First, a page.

9. Gentle nutrition 

Whereas diet culture teaches us to relate to food through rules and restriction, intuitive eating supports us in listening to our body to meet its needs and find joy in food. There are many different patterns and styles of eating which can provide us with enough energy and meet all of our nutritional needs. Eating with consistency and variety over time is more important than obsessing about fitting every nutrient into every meal.

Some people who have allergies, specific health conditions, or who have many sensory sensitivities around food may have to be more intentional about meeting their nutritional needs. In these cases, it can be helpful to work with a trained health professional to develop a strategy to both support needs and incorporate pleasurable foods.

The benefits of intuitive eating 

Intuitive eating teaches that you are the best person to decide what to eat and when to eat, by helping you relearn your body’s cues for hunger and satiety, making you the expert on what your body needs. 

Implementing the teachings of intuitive eating can have significant benefits to both your physical and mental health. Emerging research in the field suggests that intuitive eating is linked to improved self-image, healthy attitudes towards food, greater emotional functioning, and a reduced risk of developing disordered eating behaviors.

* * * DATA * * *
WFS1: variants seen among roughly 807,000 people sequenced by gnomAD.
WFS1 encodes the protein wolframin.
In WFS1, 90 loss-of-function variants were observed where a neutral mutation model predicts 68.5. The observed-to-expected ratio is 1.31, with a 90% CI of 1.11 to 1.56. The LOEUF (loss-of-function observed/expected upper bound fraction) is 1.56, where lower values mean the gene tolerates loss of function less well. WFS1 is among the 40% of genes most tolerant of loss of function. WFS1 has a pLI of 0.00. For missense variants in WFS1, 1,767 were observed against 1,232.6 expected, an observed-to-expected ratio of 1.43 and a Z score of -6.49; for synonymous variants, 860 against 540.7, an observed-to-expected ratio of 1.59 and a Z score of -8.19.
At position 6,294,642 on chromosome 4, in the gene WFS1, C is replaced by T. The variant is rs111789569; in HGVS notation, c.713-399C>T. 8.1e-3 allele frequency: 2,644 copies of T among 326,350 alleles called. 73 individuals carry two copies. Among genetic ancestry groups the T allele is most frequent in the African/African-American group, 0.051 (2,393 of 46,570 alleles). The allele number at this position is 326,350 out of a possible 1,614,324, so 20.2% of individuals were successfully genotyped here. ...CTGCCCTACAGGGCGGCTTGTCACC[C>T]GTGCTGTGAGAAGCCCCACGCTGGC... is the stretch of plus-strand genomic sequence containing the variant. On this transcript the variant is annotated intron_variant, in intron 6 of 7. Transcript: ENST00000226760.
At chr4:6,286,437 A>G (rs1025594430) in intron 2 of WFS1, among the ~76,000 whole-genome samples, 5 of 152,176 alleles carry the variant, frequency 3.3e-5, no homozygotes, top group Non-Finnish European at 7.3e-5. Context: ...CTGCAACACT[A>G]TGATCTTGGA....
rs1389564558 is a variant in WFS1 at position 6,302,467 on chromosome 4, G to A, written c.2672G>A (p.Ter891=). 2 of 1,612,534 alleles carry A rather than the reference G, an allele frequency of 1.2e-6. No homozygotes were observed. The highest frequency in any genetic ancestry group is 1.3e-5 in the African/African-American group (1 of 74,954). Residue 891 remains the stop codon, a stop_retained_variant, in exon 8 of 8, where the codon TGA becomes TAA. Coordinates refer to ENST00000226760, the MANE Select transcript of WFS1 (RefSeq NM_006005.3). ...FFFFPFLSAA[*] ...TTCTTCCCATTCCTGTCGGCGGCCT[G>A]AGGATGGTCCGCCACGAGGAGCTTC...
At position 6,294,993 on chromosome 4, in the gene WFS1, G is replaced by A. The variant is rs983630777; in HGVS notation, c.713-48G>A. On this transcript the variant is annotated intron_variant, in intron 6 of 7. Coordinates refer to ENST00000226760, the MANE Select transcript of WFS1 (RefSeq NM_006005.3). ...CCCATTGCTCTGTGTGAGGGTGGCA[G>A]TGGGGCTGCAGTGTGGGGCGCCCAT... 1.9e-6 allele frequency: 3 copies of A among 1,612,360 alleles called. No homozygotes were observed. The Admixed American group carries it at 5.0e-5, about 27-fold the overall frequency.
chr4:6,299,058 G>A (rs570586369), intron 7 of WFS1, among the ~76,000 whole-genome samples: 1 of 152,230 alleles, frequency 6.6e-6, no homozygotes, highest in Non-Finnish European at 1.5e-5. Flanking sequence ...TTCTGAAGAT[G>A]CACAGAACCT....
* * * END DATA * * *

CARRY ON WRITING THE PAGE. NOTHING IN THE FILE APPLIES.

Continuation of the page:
Research published in the Journal of Eating Behaviors compared intuitive eating and restrictive diets in a large sample of women and men. Results of the study showed that intuitive eating was associated with reduced levels of disordered eating behaviors and body image issues. 

This led to researchers suggesting that promoting intuitive eating within public health approaches may be beneficial in eating disorder prevention, thanks to its emphasis on promoting body acceptance and eliminating unhealthy attitudes around food and eating.

It’s important to remember that if you plan to start eating intuitively you should speak to your doctor first, especially if you have a medical condition - like diabetes, celiac disease, or high blood pressure - that is associated with specific nutritional needs.

If you need some help incorporating intuitive eating into your daily life, a registered dietician or trained therapist will be able to guide you and work with you to challenge the diet mentality and work towards implementing the principles in a way that works for you.